ADI ANDERSON: Hey! - We Bike Riders Have Rights, Too
Friday, I started a column about violations of bicycling rights. Sunday, I fell victim -- literally -- to the very thing I was complaining about.
There is something humbling about opening your eyes at the intersection of Pennsylvania Avenue and Broad Street to find yourself, and your bike, sprawled across the pavement.
It's the same old downtown Southern Pines story: A car heading south on Broad fails to yield to someone coming over the tracks. That someone on Sunday was me, alone on my road bike.
Now that I think about it, I'm probably lucky that I wasn't in a car. Being encased in the safe innards of a metal, cushioned, air-bagged beast tends to make a driver brazenly brave. In a car, I might've had a T-bone collision, resulting in much more destruction.
Instead, as I cruised over the bumpy train tracks aboard my bike, I noticed an SUV coming down Broad Street. I had the right of way, or so I thought, and I happily kept pedaling.
The car paused for a moment, tricking me into a false confidence, then laid on the gas. In an effort to avoid a collision, I jerked my handlebars to the left, the chain jumped ship, and I went flying from my seat. Once I hit the pavement, I made an executive decision just to lie there for a minute, weighing which hurt more -- my physical injuries or my wounded pride.
Later, I inspected my bicycle: ripped handlebar taping and deep scratches in the metal. Nothing too serious. Still, the damage to my bike pained me just as much as my own scrapes and sprains.
Living in Atlanta over the past year, I became overly protective of my late-'80s-model Trek road bike. I took up a home-away-from-home at the SoPo Bicycle Co-op. Thus, my poor, faithful bike has endured many hours of poking, prodding, and screw-stripping.
The latest renovations, made with the help of Rainbow Cycles, have turned the Trek into a trendy, minimalist, downright impractical fixed-gear machine. The idea behind the fixed-gear bike is that you never stop pedaling.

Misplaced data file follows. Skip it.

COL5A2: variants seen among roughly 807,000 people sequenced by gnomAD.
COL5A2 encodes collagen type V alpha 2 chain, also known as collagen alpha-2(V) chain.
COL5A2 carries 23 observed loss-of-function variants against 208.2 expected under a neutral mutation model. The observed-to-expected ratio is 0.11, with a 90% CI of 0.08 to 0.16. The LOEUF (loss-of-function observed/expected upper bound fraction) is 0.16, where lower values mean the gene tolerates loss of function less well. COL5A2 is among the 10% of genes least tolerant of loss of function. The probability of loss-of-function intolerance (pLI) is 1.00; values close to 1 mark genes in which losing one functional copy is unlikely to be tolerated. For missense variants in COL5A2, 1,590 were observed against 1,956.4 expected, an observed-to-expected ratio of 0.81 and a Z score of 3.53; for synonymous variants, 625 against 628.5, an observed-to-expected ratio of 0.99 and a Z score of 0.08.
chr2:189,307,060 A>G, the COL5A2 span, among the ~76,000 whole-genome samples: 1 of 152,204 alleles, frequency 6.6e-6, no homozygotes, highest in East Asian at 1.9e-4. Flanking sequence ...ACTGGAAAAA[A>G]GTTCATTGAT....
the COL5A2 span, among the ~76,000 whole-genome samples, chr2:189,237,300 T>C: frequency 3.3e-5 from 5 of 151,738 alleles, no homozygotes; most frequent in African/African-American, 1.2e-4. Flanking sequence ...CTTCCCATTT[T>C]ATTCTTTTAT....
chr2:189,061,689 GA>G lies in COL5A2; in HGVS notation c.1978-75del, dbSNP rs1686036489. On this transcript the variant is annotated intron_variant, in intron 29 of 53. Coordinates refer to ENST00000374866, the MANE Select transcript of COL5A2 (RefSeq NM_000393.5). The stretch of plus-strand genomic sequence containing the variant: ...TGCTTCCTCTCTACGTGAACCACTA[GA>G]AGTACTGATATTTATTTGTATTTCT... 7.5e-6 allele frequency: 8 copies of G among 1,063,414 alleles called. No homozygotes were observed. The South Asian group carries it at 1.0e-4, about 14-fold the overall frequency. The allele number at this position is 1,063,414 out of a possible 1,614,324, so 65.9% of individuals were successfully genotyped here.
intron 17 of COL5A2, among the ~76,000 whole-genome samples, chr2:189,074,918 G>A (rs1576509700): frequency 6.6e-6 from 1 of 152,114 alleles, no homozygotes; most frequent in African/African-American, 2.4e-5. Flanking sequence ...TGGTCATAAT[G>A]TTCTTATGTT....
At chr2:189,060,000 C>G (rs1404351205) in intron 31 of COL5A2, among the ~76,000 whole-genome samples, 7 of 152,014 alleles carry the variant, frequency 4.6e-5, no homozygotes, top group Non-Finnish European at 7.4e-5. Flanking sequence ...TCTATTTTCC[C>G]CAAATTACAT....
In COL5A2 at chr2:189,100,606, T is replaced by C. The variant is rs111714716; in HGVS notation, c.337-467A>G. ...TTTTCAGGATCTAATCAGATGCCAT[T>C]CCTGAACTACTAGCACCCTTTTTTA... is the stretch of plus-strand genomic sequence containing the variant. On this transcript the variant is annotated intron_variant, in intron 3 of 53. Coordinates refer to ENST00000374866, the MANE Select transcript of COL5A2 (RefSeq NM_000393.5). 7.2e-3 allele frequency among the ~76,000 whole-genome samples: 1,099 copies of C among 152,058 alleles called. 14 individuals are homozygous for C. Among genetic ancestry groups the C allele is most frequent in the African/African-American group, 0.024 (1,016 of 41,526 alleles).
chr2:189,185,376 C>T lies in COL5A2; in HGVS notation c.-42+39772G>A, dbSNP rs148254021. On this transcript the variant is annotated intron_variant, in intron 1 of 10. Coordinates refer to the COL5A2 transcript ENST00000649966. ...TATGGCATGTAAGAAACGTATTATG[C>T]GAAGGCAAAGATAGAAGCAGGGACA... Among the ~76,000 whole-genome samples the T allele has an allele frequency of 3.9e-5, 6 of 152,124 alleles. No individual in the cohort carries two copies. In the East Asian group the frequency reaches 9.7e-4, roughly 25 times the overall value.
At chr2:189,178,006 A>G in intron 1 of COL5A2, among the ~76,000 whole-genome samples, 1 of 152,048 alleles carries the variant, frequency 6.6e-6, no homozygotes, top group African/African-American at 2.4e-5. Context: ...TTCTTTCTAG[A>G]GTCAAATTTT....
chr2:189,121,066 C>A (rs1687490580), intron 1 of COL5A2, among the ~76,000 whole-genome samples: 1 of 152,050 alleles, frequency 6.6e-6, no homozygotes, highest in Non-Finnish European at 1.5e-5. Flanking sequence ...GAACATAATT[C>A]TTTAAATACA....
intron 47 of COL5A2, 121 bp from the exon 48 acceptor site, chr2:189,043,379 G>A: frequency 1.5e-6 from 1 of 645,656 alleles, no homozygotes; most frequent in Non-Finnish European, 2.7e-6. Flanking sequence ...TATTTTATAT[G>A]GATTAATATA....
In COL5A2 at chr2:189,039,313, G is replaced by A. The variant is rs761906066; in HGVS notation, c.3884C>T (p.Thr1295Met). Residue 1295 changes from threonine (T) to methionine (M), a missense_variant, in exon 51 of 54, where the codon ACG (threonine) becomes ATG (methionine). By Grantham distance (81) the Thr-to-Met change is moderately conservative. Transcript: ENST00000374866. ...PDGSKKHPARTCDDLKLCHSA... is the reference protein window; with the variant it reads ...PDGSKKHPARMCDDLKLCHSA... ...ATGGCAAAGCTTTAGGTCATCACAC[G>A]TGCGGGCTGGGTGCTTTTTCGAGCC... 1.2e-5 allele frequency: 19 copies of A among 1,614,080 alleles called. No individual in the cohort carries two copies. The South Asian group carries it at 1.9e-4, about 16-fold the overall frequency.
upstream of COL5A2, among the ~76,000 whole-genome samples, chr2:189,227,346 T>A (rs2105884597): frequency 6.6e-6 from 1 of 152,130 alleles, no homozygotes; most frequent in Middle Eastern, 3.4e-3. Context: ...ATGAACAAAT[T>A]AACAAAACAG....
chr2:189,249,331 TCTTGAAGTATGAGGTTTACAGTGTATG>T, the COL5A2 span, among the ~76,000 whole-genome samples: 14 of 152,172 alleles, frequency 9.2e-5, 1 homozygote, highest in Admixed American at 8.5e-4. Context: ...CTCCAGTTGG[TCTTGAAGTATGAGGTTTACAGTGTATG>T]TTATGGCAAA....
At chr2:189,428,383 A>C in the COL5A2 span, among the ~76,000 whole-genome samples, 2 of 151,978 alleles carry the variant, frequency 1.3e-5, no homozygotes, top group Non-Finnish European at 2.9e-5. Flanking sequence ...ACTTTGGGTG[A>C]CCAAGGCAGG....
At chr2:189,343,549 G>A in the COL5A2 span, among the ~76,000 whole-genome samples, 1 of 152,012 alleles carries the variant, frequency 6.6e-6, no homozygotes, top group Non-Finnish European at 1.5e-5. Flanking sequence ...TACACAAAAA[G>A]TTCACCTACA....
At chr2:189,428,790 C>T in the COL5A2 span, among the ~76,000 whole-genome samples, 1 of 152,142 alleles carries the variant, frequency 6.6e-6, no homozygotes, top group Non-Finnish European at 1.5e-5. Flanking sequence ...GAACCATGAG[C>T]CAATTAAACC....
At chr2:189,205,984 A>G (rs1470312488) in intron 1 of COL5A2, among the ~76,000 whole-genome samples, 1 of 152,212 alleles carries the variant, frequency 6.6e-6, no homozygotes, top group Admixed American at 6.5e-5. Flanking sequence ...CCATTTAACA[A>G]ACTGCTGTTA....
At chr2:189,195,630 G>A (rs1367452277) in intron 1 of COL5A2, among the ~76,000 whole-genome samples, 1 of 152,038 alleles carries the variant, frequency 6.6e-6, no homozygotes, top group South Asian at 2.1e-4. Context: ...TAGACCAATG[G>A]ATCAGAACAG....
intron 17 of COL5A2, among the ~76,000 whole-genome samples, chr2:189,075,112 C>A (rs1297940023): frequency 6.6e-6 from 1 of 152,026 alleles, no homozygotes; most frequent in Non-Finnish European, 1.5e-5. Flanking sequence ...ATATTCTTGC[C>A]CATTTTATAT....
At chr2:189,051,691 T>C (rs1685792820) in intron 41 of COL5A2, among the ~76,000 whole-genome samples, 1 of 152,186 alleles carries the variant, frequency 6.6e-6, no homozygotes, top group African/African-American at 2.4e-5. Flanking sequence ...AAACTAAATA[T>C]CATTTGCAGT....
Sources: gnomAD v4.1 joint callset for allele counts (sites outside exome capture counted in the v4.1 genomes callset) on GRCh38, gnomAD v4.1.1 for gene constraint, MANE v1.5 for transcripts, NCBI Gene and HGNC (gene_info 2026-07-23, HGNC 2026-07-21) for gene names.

Coasting is not even an option. Neither is standing up. As long as the back wheel is spinning, your feet are moving. And you cannot change the gear from the rigid middle sprocket, making both sides of a hill equally perilous.
Most people wonder why in the world anyone would expose a perfectly good bicycle to this kind of mutilation. I myself also wonder this when trying to climb up a steep grade to get home. Another curse of this version of my bike is the loose chain, which flies off at any awkward moment, such as Sunday's event.
Now, as I write this on Monday morning, my 18-year-old body feels like it has aged at least half a century.
I am sure there are about 400 lessons I could get out of the experience: Fix the bike chain. Never assume anything about anyone else's actions. Pick the asphalt out of the cut before putting on the bandage. Wear the darned helmet.
But I'd also like to put a lesson out there for others: Let's humanize bike riding.
I wasn't decked out in fancy, brightly colored gear, but that doesn't mean I'm not a cyclist. There is no way I could keep up with those riders who pop up and down the hills on Youngs Road as if they're riding over speed bumps. But I still like how it feels to get to the top of one of those mountains, wheezing triumphantly and boasting about decreasing my carbon footprint.
No, it's not for everyone, but I'd like to discourage the thinking that biking is a serious, intensive endeavor saved for the select few superhumans with thighs the size of my waist.
As for drivers, I notice the ones that give entire lanes to bikes, and I commend and thank them.
For those cars that whiz past, brushing our shoulders: Pay attention. Whether the cyclists are in Spandex from head to foot or blue jeans and sandals, they have just as much right to the road. I assure you that we will be courteous to you if you return the favor to us.
And if those gas prices keep it up, you may soon be joining our ranks. We welcome you with open arms.
And scarred elbows.
Adi Anderson is an intern at The Pilot. Contact her at email@example.com.
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